Friday, September 18, 2009

Sometimes trauma has a Little t


My daughter tells me it wasn't a year ago, it was a year less 11 days, but to me it was exactly a year ago, because it was the day before Rosh Hashanah. My secretary walked right into a meeting in my office -- something she never does -- and told me that my daughter was on her way and had hurt her wrist. I walked into the main portion of the office and peeked out the window at my 10 year-old, whose cries I could already hear. I could see her walking with a friend, her arm poking out of her sweater with her wrist looking curved in all sorts of places that wrists are not supposed to curve. It was obviously broken. She had fallen off the monkey bars on the playground and landed on her arm. As it turned out, her arm was broken in the wrist and above the elbow. She required surgery that night and two days in the hospital, with me sleeping on the couch beside her.

Was this a critical incident? Hard to say. A critical incident is one which has the capacity to overwhelm your usual coping skills. This was certainly more obviously a trauma for my daughter than for me, but at the same time it was more emotionally distressing to me than it was to her. She wasn't scared so much as she was wanting the pain to stop. I was scared for her and coping with the violation of my belief that I could protect my children from harm.

The first clue that this incident overwhelmed my coping skills comes when we compare this incident to one that happened a couple of weeks earlier. Another child came in from the playground having fallen from a swing, his arm also obviously broken. While the office manager called the father, I worked with other staff to carefully immobilize the arm so dad could safely take the child to the hospital. When my own daughter was the victim, however, I simply grabbed my purse and ushered her to the car. I didn't assess the injury, I didn't splint it, and I left my keys on my desk inside. When the ER resident put her x-rays up for me to see I was horrified, both because of how graphic the elbow break was and because it was clear that I should not have driven her myself, and certainly not without immobilizing the injury.

Another hint that this was traumatic for me is the vivid sensory memories it holds. I can play it in my mind like a slideshow: the sight of her wrist . . . the sound of her begging me to touch her fingers in the car because she couldn't feel them . . . the feeling of lifting her into the wheelchair . . . the scene of them cutting off her sweater . . . the sight of the x-rays . . . the sound of her teacher on the phone saying, "if I could have flown across the playground, I would have caught her" . . . the smile on the doctor's face after surgery . . . the taste of the dinner my friend brought me . . . the sight of the "relaxation station" the hospital placed by her bed with gentle lights shining in the darkness.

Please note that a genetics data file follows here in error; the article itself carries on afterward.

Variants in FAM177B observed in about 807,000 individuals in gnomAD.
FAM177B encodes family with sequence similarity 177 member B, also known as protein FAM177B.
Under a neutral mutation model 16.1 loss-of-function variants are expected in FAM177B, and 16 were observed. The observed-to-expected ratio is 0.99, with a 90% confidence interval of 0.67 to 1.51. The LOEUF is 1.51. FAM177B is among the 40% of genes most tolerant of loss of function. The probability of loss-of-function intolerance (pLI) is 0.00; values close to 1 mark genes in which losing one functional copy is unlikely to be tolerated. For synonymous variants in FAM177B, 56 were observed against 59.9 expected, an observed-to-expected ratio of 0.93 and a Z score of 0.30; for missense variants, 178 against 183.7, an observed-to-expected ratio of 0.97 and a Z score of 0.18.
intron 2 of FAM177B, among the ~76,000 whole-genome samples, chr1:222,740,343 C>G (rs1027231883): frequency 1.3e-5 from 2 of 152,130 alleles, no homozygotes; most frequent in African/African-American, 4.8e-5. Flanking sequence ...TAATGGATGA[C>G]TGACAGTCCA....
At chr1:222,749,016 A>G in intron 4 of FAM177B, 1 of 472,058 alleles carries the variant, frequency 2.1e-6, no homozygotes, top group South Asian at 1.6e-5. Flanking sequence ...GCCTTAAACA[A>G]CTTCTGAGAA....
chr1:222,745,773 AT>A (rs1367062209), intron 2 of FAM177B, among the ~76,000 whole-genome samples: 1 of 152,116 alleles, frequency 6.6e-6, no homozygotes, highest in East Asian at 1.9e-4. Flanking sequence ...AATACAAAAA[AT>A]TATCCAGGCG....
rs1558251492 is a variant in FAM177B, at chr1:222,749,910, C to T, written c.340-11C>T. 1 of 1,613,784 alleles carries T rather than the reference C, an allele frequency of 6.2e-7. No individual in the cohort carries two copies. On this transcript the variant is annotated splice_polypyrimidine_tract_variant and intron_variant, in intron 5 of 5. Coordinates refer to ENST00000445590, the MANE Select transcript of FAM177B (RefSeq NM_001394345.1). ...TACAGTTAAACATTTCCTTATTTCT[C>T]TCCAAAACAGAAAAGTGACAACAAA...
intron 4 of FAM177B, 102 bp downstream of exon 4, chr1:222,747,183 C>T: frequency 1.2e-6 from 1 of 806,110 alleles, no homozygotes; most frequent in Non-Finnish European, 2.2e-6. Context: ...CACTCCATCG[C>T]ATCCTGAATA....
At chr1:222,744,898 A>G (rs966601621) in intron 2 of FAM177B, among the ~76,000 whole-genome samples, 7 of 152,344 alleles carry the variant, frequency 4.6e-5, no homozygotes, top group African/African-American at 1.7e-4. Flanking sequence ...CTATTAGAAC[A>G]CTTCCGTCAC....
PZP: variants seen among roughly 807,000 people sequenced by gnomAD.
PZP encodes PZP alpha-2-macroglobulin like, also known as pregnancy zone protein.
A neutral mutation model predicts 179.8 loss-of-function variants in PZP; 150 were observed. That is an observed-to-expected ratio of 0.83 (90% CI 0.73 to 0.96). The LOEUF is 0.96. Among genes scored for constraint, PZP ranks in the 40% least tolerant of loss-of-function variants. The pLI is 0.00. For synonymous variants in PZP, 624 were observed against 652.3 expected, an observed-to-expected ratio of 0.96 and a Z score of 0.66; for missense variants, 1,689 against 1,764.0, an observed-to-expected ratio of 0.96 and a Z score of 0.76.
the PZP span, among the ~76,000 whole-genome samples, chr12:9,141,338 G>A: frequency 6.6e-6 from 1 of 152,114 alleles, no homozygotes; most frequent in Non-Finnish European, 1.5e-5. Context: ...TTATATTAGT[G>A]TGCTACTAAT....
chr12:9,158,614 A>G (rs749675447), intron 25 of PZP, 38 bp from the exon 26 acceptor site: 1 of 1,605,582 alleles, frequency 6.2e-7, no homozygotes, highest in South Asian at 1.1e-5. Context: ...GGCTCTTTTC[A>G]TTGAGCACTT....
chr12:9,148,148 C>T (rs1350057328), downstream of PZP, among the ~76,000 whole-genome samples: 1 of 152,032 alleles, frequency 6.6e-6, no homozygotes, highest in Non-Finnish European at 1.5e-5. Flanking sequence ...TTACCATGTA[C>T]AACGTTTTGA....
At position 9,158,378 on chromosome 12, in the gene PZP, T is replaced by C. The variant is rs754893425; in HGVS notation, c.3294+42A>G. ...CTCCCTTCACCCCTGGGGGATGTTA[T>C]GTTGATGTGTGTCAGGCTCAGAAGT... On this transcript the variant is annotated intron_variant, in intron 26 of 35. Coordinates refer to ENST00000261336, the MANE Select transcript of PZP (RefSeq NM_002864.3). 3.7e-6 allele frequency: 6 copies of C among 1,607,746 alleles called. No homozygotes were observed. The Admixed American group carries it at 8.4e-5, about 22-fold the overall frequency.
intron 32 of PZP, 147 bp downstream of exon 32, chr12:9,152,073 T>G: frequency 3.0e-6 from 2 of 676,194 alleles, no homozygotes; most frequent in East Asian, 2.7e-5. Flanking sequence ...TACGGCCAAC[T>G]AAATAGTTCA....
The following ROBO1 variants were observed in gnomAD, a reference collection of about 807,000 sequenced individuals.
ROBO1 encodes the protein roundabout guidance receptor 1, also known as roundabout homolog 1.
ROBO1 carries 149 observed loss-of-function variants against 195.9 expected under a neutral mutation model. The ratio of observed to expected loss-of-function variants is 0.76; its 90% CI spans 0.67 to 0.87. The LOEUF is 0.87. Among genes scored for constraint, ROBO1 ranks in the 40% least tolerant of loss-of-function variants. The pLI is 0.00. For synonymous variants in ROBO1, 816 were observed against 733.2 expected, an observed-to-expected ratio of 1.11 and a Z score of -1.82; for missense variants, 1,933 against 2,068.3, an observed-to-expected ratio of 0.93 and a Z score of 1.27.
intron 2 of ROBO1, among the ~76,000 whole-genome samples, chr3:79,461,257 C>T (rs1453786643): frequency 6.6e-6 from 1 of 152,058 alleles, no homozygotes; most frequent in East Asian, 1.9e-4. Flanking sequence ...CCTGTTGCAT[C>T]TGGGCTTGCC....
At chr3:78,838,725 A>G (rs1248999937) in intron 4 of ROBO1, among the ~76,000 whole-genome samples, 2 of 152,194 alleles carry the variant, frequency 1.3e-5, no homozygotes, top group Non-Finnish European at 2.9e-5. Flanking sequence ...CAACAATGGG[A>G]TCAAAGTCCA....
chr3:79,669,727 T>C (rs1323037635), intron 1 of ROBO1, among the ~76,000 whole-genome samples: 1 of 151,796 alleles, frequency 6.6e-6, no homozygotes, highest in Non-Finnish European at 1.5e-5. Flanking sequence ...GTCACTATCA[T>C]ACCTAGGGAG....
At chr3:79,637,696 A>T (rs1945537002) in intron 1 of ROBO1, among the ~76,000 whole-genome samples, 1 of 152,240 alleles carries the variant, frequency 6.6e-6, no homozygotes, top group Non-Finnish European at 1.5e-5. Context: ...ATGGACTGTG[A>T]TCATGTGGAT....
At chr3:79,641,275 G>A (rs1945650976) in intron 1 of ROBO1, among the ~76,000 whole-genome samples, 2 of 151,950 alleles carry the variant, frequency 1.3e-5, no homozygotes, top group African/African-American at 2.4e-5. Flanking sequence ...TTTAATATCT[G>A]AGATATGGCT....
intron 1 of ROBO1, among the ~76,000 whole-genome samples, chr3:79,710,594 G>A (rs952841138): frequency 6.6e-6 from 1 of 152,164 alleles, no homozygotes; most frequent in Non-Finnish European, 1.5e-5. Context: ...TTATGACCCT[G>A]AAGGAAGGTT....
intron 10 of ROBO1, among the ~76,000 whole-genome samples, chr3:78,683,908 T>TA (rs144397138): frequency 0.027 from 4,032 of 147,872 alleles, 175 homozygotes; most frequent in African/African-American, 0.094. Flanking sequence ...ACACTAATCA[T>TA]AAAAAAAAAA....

If you ask my daughter about that day, she talks about it fairly calmly. If you ask me, I shudder visibly. It was worse for her physically, but for me emotionally. It's a good reminder that the people most impacted are not always who you might think, that sometimes trauma isn't Trauma, and also . . . be careful on the monkey bars.

May all the Quarterbackers out there be inscribed for a sweet, healthy, happy and trauma-free New Year.

1 comments:

Colleen said...

I still feel bad for her, for having gone through it (you too), but the before and after x-rays (which I didn't see until all was well...I had the luxury of concern, no trauma, with either t), were NEAT! Very very interesting.

But I'm very glad you have good health care and access to a good hospital.

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Naomi Zikmund-Fisher
is a clinical social worker, former school Principal and a Crisis Consultant for schools and community organizations. You can learn more about her at www.SchoolCrisisConsultant.com
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